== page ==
Paule Constable And Mark Henderson Discuss The Role Of Lighting Designers Curious Incident Of The Dog In The Nighttime, lighting by Paule Constable (Photo by Joan Marcus)

Paule Constable And Mark Henderson Discuss The Role Of Lighting Designers

Two award-winning British designers—Paule Constable and Mark Henderson—shed light as it were, on the profession of lighting design in an article that appeared in The Guardian the other day, "From War Horse to Wolf Hall: the secret alchemy of stage lighting," as written by Andrew Dickson. The article reminded me how much I like the work of both of these designers, both of whom are eloquent about their work.

“I’m helping control the look of the show, but also telling the story. You create rhythm, pace, move the audience’s focus, control the frame, cut between long shots and close-ups," explains Constable in The Guardian. She has been acclaimed for her outstanding work on such productions as War HorseWolf Hall, and The Curious Incident Of The Dog In The Nighttime.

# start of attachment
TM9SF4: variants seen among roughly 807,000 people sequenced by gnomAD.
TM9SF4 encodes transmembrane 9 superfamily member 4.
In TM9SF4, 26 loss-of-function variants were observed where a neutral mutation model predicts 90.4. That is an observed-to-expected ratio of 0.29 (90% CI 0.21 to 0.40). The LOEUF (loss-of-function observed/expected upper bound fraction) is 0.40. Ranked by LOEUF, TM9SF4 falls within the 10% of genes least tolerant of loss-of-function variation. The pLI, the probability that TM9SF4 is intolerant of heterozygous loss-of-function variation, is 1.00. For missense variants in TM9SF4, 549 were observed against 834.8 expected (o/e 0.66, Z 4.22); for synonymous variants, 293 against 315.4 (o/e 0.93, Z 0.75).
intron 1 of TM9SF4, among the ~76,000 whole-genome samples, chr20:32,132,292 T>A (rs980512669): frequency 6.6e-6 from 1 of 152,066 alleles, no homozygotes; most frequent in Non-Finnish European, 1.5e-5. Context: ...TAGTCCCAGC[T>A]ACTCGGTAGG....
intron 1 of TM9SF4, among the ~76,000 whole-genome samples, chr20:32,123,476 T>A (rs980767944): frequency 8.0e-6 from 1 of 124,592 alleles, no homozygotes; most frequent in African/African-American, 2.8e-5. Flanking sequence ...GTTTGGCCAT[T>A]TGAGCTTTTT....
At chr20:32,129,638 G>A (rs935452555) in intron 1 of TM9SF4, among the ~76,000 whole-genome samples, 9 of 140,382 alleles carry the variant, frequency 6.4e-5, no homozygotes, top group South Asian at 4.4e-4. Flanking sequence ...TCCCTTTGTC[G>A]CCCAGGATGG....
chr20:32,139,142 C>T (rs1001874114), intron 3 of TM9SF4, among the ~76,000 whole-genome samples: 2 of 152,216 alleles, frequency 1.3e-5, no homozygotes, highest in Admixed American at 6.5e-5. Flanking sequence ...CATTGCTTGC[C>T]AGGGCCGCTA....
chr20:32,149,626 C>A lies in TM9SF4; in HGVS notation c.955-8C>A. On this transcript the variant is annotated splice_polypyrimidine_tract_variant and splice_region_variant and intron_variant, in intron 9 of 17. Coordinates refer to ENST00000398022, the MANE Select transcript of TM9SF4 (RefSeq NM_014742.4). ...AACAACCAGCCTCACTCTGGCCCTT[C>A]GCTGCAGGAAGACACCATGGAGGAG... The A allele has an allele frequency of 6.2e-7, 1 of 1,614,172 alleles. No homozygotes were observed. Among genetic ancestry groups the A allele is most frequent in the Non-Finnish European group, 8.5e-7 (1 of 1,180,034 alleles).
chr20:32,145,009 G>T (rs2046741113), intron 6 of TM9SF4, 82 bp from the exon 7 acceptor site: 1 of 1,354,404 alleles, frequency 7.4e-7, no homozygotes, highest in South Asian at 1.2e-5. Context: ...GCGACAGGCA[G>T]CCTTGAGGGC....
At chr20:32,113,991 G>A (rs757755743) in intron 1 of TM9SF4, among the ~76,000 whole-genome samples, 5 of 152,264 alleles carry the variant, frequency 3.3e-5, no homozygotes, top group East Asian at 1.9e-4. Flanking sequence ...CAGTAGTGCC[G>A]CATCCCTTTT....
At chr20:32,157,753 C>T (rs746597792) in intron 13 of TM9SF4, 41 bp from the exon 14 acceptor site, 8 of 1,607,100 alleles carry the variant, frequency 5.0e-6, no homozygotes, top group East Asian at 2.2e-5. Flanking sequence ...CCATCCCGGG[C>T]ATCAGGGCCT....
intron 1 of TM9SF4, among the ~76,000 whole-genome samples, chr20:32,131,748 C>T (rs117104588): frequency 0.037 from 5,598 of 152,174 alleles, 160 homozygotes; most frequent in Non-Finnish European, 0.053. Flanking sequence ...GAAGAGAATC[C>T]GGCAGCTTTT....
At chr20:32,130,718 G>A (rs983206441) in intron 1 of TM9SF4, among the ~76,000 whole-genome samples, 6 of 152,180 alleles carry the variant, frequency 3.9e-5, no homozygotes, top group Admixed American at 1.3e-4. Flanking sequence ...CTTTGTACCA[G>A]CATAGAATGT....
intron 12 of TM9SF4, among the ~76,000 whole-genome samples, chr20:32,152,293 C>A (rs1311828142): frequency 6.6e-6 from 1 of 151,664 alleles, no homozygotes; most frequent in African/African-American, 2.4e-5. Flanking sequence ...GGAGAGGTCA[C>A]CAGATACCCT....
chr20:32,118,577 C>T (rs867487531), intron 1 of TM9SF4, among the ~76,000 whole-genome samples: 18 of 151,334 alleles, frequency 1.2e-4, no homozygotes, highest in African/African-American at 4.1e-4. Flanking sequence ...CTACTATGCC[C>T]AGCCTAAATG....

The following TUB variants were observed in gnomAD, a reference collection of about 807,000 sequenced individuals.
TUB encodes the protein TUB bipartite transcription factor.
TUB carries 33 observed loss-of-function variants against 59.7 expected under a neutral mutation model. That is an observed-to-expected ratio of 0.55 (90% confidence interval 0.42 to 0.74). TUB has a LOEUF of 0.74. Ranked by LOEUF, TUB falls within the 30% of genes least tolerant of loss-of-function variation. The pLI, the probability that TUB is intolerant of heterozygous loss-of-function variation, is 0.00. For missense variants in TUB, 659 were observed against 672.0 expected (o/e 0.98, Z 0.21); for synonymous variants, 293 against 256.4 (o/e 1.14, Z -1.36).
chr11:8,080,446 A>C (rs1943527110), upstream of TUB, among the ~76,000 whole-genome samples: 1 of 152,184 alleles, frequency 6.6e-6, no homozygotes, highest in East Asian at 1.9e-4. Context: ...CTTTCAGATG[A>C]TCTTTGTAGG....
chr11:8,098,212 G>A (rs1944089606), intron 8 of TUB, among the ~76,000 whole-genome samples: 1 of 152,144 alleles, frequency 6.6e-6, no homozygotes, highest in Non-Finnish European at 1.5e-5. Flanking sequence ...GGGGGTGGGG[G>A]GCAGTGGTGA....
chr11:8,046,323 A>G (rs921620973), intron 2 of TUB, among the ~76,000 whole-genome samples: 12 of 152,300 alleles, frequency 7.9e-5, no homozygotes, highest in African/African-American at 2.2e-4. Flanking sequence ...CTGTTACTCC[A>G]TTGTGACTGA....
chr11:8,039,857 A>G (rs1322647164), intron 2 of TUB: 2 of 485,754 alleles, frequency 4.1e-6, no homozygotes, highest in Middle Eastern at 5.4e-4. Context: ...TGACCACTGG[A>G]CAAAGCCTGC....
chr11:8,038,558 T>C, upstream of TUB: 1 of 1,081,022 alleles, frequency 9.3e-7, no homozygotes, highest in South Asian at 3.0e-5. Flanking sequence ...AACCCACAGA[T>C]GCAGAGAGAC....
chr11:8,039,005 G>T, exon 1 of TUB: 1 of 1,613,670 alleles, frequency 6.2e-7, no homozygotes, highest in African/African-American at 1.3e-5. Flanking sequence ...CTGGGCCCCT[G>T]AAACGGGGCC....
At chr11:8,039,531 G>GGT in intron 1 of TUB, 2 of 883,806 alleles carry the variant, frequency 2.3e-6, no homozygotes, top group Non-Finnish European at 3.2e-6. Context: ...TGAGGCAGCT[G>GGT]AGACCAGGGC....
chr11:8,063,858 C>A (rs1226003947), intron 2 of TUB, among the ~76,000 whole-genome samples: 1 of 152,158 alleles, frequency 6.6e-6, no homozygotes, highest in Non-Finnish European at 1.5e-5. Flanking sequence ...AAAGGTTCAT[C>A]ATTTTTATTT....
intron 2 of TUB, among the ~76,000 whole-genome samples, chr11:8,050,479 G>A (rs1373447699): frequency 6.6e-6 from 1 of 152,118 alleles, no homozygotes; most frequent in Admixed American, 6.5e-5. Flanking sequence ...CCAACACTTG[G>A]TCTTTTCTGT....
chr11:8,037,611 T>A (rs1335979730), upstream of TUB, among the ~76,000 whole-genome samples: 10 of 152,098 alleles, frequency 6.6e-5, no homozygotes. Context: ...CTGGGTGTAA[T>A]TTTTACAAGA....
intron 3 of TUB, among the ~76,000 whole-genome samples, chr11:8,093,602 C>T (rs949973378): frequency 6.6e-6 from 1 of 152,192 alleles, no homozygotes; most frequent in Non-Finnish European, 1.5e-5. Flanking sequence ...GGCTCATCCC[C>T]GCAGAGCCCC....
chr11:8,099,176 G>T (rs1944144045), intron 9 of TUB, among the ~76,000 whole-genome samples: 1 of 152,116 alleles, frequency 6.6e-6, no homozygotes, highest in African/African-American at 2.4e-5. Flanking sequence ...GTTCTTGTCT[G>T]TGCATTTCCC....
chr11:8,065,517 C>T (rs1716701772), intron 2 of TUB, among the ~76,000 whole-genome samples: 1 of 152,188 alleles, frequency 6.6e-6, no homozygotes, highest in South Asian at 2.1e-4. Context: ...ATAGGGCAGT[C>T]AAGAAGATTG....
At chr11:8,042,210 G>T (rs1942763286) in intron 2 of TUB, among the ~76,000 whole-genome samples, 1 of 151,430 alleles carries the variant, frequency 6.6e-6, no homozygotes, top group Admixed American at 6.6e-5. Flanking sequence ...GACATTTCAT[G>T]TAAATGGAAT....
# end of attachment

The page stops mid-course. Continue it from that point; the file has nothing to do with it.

Check out some of Live Design's coverage of Constable's notable work, on Broadway with War Horse and Wolf Hall, and at the opera: Triple Play At The Met.

Les Liaisons Dangereuses, lighting by Mark Henderson (photo by Travis McHale)

I haven't covered Henderson's work in a while it seems, and am remiss for not doing so, as he is a wonderful designer, but way back in 2000, I took a look at some of his transatlantic transfers. He notes in The Guardian article, about the pace of change in terms of technology: “When I started, you had a console with some faders and perhaps a couple of channels. Now you’re free to animate, create amazing patterns, incredible colour variations. It’s almost infinite.”

Read the full article in The Guardian. It's nice to see lighting designers in the spotlight, even though Dickson wonders if it bothers either of them that, despite all their efforts, many people won’t notice what they do. Constable, in the article, insists not: “It’s almost subversive. You can make a show feel different simply by adjusting how it looks, and barely anyone will realise why.”

Henderson seems even more relaxed. “It doesn’t bother me in the slightest.” He laughs. “It’s ironic, really – your job is to be invisible, in a way.”

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